THE “FOOD GUIDE PYRAMID”
Good eating is an important part of each day. That doesn’t mean just eat- ing a lot, or eating constantly by snacking. It means eating well- balanced meals, which give you the energy, and vitality to really enjoy be- ing in the outdoors. God has given us many foods to enjoy. But not all foods are equally good for us.
When planning daily menus for camp, or anytime, you should pick your foods from the
“Food Guide Pyramid”. The Pyramid is based on the USDA’s
research of the foods we eat, what nutrients are in these foods, and how to make the best choices for you. Figure 1 shows the pieces of the pyramid.
The base of the Pyramid is food from grains like, breads, cereals, rice, and pasta. You need the most servings of these foods each day, 6 – 11 servings.
The second level of the Pyramid includes foods that come from plants, like vegetables and fruits. They supply vitamins, minerals, and important fiber. You should eat 3 – 5 servings of vegetables, and 2 – 4 servings of fruits per day.
The third level of the “Food Guide Pyramid” is two groups of foods that come mostly from ani- mals. These include; milk, yogurt, and cheese, in one group. And meat, poultry, fish, dry beans, eggs, and nuts, in the other group. These foods provide important proteins, calcium, iron, and zinc.
You should eat 2 – 3 servings of the dairy group, and 2 – 3 servings of the meat group, each day.
The small tip of the Pyramid represents foods most people should use sparingly, like fats, oils, and sweets. These foods provide your body with calories, but very little nutritionally. Foods in- cluded in this group are; salad dressings and oils, cream, butter, margarine, sugars, soft drinks, candies, and sweet desserts.
Most recipes use standard words or terms to describe different cooking methods. You should learn these terms, so you understand what is expected while following a recipe. For instance, you would not want to stew eggs for breakfast, or poach pancakes! There are many different ways to prepare your meals while camping or hiking. The method you use will depend upon your menu, equipment, and your taste! The following are some cooking terms;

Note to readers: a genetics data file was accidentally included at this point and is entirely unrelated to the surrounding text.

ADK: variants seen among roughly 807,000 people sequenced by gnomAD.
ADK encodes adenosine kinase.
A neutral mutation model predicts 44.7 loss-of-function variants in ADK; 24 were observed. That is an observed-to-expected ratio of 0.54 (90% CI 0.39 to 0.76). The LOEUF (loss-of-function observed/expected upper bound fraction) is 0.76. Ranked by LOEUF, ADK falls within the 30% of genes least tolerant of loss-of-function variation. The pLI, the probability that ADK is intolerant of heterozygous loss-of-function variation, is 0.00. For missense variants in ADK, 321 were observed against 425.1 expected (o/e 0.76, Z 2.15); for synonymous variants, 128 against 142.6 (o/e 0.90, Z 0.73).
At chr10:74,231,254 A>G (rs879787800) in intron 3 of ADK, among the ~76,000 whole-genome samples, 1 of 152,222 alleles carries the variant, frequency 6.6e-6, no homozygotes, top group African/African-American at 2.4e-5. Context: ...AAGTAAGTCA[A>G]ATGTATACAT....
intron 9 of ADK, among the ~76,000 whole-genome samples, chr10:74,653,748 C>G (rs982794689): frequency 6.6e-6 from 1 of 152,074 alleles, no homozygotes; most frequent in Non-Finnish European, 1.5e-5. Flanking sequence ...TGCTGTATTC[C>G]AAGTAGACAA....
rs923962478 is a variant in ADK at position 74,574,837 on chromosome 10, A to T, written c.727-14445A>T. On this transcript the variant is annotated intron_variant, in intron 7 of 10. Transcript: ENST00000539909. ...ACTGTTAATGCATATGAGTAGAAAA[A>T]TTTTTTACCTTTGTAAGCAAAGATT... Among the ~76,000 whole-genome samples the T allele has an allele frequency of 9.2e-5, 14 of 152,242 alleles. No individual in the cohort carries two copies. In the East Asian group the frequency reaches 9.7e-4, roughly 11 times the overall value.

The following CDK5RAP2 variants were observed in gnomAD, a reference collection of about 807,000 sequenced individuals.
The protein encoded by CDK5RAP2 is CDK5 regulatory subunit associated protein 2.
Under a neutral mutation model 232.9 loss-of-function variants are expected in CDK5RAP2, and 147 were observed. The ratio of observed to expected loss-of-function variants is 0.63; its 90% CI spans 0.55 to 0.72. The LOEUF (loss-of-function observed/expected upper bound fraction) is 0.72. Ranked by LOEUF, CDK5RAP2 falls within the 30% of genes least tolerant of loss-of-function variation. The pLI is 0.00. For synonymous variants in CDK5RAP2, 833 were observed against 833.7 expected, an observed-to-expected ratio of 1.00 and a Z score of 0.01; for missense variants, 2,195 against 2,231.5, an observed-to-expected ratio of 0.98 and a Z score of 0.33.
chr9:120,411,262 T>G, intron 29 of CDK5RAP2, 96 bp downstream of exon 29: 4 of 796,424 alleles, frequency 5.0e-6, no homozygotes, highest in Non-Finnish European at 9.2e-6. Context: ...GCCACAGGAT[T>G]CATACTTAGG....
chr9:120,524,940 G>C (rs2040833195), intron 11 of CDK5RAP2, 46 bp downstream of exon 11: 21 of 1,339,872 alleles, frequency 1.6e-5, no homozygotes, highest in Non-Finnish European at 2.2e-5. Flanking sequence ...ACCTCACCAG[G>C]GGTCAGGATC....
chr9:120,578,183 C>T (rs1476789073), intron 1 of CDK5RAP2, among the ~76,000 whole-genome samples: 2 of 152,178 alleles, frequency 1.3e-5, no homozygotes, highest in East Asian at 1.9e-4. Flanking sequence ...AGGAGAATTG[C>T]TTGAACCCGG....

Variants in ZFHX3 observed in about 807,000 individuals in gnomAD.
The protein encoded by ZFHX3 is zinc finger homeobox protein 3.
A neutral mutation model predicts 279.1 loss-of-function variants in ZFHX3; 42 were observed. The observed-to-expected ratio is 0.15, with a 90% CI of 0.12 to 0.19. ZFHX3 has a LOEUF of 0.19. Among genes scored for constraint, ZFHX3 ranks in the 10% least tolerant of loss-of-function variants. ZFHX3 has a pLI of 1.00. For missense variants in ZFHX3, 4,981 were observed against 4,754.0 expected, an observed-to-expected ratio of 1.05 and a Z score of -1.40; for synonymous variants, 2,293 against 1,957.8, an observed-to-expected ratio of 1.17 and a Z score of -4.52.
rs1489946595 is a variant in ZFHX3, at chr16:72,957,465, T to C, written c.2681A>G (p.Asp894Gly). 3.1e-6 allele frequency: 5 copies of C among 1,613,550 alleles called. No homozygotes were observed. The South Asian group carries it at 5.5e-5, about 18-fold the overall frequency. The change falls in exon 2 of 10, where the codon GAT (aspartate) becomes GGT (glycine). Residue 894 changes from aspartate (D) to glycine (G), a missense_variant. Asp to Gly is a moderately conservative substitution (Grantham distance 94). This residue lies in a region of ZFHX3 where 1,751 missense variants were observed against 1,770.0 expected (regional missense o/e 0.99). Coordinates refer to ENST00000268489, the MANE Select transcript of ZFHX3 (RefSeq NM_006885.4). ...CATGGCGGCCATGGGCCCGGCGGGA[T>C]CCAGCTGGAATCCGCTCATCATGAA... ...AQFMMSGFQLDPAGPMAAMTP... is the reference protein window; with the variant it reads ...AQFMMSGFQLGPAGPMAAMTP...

BAKE: To cook with dry and even heat.
BASTE: To moisten the food while cooking.
BOIL: To cook in water or other liquid, hot enough for bubbles to raise and break on the surface.
BRAISE: To cook meat tender by browning in hot fat or grease, then cooking in a covered pan with added liquid.
BROIL: To cook meat directly over an open fire. Also called grilling. DEEP FRY: To cook by immersing in boiling or very hot oil or fat.
cook in a pan using a small amount of oil or
MARINATE: To flavor and tenderize meat by covering with spices, vinegar, wine, oil, salad dressing, etc.
PAN-BROIL: To cook in a very hot pan, with little or no fat and oil, so food does not fry.
PAR-BOIL: To boil until food is partly cooked.
POACH: To cook in liquid, just below the boiling point.
ROAST: To cook in hot air. An uncovered pan in an oven, or over hot coals
SCALD: To heat to just below the boiling point, then remove from heat.
SEAR: To seal the surface of meat by cooking with intense heat.
SIMMER: To cook in liquids, at a temp. just below the boiling point, for some time. SKEWER: To pierce and place on a pointed stick.
STEAM: Cook over boiling water in steam.
STEEP: To extract a taste or value by soaking a plant or food in hot but not boiling water.
STEW: To cook by searing, then simmering until tender.
TENDERIZE: To make meat easier to cook and/or chew, by pounding, or marinating until the tissues are softened.
UTENSILS YOU CAN MAKE
But what do you do if you forget some of the cooking
utensils. Your still hungry, and you still need to cook that meal! Well that’s
when you look to some of the things God has provided for
us in nature, or use other materials you may have brought with you.
Green sticks, with the bark peeled off, can be used for a number of homemade cooking utensils.
A good example is tongs. To make tongs, cut a straight, finger sized green branch, and peel its bark. Bend the branch in the middle to form a “V”. Most green hardwoods will not break apart. These tongs should be strong enough to use for food, or for arranging wood or coals. Utensil’s can also be made from wire coat hangers. You can make tongs, long handled forks, pothooks, and pot supports.